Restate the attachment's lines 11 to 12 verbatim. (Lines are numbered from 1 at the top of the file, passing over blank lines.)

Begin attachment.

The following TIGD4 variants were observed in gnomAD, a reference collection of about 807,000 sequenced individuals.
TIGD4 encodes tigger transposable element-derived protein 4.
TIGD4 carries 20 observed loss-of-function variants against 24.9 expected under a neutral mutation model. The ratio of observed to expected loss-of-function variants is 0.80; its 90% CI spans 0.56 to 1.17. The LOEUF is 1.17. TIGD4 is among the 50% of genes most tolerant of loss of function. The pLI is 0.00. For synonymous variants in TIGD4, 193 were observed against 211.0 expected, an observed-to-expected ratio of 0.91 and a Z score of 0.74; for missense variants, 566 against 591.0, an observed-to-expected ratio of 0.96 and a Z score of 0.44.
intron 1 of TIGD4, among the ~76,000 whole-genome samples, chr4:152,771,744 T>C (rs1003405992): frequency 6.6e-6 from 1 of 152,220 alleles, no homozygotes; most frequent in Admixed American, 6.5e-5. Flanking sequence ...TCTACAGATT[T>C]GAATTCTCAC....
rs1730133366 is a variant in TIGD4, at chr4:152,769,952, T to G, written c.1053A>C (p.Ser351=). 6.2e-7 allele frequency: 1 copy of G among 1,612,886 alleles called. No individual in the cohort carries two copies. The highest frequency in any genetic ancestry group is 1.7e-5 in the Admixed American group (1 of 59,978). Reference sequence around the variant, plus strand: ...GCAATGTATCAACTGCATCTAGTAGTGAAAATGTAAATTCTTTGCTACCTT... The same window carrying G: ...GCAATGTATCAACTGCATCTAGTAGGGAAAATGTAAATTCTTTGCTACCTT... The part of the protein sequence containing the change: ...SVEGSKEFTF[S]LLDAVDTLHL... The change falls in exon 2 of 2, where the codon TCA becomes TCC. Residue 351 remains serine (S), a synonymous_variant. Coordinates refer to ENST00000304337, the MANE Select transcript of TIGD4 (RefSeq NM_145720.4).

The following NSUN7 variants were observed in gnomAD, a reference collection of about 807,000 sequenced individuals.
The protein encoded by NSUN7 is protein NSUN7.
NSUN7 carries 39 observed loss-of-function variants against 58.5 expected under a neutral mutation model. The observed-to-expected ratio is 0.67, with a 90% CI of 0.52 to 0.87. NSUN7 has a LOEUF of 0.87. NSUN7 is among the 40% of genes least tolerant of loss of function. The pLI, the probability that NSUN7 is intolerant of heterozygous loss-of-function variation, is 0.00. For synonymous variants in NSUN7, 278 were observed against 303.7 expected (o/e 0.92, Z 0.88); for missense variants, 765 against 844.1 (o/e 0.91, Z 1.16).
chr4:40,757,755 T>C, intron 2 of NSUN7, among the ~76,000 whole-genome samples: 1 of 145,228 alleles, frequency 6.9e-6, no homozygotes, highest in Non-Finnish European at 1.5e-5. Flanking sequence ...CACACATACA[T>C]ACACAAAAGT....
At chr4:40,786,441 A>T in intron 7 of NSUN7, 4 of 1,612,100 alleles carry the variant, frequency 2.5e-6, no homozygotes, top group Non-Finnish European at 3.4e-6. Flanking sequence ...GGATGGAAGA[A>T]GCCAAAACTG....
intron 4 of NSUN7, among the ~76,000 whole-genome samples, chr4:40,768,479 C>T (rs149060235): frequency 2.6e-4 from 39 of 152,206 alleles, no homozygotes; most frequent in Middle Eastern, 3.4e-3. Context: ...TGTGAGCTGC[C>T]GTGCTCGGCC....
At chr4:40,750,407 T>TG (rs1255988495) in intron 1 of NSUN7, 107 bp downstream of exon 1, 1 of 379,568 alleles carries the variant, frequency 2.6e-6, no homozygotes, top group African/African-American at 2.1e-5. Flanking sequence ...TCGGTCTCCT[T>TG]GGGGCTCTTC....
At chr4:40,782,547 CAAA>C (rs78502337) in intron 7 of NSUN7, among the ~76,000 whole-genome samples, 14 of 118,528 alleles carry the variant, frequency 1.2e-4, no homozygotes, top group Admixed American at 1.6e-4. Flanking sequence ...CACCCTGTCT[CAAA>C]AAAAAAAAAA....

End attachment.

intron 4 of NSUN7, among the ~76,000 whole-genome samples, chr4:40,768,479 C>T (rs149060235): frequency 2.6e-4 from 39 of 152,206 alleles, no homozygotes; most frequent in Middle Eastern, 3.4e-3. Context: ...TGTGAGCTGC[C>T]GTGCTCGGCC....
At chr4:40,750,407 T>TG (rs1255988495) in intron 1 of NSUN7, 107 bp downstream of exon 1, 1 of 379,568 alleles carries the variant, frequency 2.6e-6, no homozygotes, top group African/African-American at 2.1e-5. Flanking sequence ...TCGGTCTCCT[T>TG]GGGGCTCTTC....